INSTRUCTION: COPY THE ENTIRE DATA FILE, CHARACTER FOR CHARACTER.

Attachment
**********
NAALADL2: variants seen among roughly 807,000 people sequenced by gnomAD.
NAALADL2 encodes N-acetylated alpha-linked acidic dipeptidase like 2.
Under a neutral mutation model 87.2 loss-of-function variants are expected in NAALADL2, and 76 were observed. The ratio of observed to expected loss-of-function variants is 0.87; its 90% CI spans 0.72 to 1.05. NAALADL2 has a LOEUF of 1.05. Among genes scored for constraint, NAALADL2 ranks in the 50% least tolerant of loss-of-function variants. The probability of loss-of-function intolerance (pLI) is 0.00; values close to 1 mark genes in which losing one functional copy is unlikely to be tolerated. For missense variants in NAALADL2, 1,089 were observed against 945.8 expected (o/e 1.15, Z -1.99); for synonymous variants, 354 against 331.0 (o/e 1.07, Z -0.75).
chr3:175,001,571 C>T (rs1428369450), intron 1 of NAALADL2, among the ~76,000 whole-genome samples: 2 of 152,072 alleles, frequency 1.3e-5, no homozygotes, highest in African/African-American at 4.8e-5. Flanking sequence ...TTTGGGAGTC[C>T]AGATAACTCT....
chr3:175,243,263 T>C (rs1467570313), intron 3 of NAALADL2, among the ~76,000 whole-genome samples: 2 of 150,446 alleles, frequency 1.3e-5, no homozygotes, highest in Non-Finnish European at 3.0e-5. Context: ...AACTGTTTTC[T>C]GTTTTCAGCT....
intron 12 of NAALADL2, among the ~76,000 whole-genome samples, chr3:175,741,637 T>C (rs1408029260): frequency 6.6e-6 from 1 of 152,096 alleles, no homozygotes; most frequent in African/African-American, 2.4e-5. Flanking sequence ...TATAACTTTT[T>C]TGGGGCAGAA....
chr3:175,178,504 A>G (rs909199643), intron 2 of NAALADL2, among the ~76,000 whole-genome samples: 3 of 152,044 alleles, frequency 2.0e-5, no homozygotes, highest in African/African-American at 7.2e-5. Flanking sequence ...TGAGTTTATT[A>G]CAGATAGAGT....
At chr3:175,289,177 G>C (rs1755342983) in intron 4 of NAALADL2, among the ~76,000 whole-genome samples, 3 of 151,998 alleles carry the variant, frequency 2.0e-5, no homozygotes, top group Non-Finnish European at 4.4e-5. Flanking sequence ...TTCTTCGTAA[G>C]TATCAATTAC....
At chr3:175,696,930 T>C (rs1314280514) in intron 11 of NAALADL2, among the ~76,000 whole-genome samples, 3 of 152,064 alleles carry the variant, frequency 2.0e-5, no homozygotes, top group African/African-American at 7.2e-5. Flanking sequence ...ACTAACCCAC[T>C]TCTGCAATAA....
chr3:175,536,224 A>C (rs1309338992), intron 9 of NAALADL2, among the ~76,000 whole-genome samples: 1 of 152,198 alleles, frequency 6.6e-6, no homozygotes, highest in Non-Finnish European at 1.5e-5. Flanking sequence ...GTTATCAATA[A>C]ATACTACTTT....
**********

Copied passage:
NAALADL2: variants seen among roughly 807,000 people sequenced by gnomAD.
NAALADL2 encodes N-acetylated alpha-linked acidic dipeptidase like 2.
Under a neutral mutation model 87.2 loss-of-function variants are expected in NAALADL2, and 76 were observed. The ratio of observed to expected loss-of-function variants is 0.87; its 90% CI spans 0.72 to 1.05. NAALADL2 has a LOEUF of 1.05. Among genes scored for constraint, NAALADL2 ranks in the 50% least tolerant of loss-of-function variants. The probability of loss-of-function intolerance (pLI) is 0.00; values close to 1 mark genes in which losing one functional copy is unlikely to be tolerated. For missense variants in NAALADL2, 1,089 were observed against 945.8 expected (o/e 1.15, Z -1.99); for synonymous variants, 354 against 331.0 (o/e 1.07, Z -0.75).
chr3:175,001,571 C>T (rs1428369450), intron 1 of NAALADL2, among the ~76,000 whole-genome samples: 2 of 152,072 alleles, frequency 1.3e-5, no homozygotes, highest in African/African-American at 4.8e-5. Flanking sequence ...TTTGGGAGTC[C>T]AGATAACTCT....
chr3:175,243,263 T>C (rs1467570313), intron 3 of NAALADL2, among the ~76,000 whole-genome samples: 2 of 150,446 alleles, frequency 1.3e-5, no homozygotes, highest in Non-Finnish European at 3.0e-5. Context: ...AACTGTTTTC[T>C]GTTTTCAGCT....
intron 12 of NAALADL2, among the ~76,000 whole-genome samples, chr3:175,741,637 T>C (rs1408029260): frequency 6.6e-6 from 1 of 152,096 alleles, no homozygotes; most frequent in African/African-American, 2.4e-5. Flanking sequence ...TATAACTTTT[T>C]TGGGGCAGAA....
chr3:175,178,504 A>G (rs909199643), intron 2 of NAALADL2, among the ~76,000 whole-genome samples: 3 of 152,044 alleles, frequency 2.0e-5, no homozygotes, highest in African/African-American at 7.2e-5. Flanking sequence ...TGAGTTTATT[A>G]CAGATAGAGT....
At chr3:175,289,177 G>C (rs1755342983) in intron 4 of NAALADL2, among the ~76,000 whole-genome samples, 3 of 151,998 alleles carry the variant, frequency 2.0e-5, no homozygotes, top group Non-Finnish European at 4.4e-5. Flanking sequence ...TTCTTCGTAA[G>C]TATCAATTAC....
At chr3:175,696,930 T>C (rs1314280514) in intron 11 of NAALADL2, among the ~76,000 whole-genome samples, 3 of 152,064 alleles carry the variant, frequency 2.0e-5, no homozygotes, top group African/African-American at 7.2e-5. Flanking sequence ...ACTAACCCAC[T>C]TCTGCAATAA....
chr3:175,536,224 A>C (rs1309338992), intron 9 of NAALADL2, among the ~76,000 whole-genome samples: 1 of 152,198 alleles, frequency 6.6e-6, no homozygotes, highest in Non-Finnish European at 1.5e-5. Flanking sequence ...GTTATCAATA[A>C]ATACTACTTT....